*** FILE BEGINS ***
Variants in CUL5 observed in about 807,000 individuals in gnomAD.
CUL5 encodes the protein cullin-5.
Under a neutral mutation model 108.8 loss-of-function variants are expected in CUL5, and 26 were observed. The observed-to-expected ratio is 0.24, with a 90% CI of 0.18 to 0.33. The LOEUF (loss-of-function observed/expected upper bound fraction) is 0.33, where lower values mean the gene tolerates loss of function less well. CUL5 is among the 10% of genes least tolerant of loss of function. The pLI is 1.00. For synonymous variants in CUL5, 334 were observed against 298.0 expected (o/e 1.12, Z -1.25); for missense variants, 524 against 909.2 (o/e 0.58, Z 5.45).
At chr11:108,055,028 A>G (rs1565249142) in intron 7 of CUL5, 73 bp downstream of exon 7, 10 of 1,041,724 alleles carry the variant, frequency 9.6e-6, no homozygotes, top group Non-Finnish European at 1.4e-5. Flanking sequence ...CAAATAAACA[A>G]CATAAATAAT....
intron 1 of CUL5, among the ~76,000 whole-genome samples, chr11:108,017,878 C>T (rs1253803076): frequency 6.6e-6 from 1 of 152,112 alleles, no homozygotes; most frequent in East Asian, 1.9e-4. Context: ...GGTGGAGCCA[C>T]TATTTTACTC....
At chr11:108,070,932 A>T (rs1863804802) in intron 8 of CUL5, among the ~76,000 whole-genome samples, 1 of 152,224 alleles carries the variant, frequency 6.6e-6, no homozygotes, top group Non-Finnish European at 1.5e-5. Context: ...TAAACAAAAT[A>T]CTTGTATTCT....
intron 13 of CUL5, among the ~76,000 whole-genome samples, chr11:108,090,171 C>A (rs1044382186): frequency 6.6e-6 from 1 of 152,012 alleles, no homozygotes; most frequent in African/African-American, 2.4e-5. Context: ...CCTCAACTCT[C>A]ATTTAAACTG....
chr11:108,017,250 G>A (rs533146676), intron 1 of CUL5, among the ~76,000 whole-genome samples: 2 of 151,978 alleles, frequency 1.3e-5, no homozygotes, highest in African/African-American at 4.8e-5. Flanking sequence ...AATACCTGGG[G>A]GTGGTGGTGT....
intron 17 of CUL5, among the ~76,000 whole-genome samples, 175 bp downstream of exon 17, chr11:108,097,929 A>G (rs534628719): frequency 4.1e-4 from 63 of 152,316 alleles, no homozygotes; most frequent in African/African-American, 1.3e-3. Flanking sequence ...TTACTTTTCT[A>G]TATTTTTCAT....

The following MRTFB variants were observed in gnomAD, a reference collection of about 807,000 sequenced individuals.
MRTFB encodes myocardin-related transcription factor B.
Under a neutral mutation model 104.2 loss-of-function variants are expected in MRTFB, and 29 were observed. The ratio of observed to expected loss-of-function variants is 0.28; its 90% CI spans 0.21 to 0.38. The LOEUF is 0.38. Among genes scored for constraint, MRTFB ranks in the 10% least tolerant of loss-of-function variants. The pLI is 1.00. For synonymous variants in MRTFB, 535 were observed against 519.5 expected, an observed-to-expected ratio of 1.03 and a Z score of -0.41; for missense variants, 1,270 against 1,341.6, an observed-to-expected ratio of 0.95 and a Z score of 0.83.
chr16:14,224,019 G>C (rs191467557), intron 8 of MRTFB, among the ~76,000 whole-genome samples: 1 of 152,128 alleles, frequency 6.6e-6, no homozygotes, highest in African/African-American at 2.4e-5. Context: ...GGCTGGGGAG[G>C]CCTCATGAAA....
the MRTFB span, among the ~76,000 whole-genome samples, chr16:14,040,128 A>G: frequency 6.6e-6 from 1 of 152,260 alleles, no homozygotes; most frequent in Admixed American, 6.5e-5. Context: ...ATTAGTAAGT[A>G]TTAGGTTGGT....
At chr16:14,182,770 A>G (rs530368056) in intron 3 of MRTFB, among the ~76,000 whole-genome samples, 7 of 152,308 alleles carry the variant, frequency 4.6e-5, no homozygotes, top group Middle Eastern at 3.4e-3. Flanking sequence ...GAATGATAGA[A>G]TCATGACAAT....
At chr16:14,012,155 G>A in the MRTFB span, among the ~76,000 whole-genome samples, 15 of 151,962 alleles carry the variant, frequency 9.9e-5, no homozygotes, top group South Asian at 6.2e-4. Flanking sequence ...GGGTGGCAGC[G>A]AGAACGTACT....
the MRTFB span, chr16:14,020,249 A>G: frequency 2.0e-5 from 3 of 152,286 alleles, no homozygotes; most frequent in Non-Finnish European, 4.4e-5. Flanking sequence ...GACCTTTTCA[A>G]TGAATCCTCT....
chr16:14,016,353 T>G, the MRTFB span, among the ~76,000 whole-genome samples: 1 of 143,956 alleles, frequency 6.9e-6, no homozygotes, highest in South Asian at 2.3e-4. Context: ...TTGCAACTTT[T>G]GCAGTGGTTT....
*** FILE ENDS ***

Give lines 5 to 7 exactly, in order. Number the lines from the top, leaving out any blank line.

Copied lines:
intron 1 of CUL5, among the ~76,000 whole-genome samples, chr11:108,017,878 C>T (rs1253803076): frequency 6.6e-6 from 1 of 152,112 alleles, no homozygotes; most frequent in East Asian, 1.9e-4. Context: ...GGTGGAGCCA[C>T]TATTTTACTC....
At chr11:108,070,932 A>T (rs1863804802) in intron 8 of CUL5, among the ~76,000 whole-genome samples, 1 of 152,224 alleles carries the variant, frequency 6.6e-6, no homozygotes, top group Non-Finnish European at 1.5e-5. Context: ...TAAACAAAAT[A>T]CTTGTATTCT....
intron 13 of CUL5, among the ~76,000 whole-genome samples, chr11:108,090,171 C>A (rs1044382186): frequency 6.6e-6 from 1 of 152,012 alleles, no homozygotes; most frequent in African/African-American, 2.4e-5. Context: ...CCTCAACTCT[C>A]ATTTAAACTG....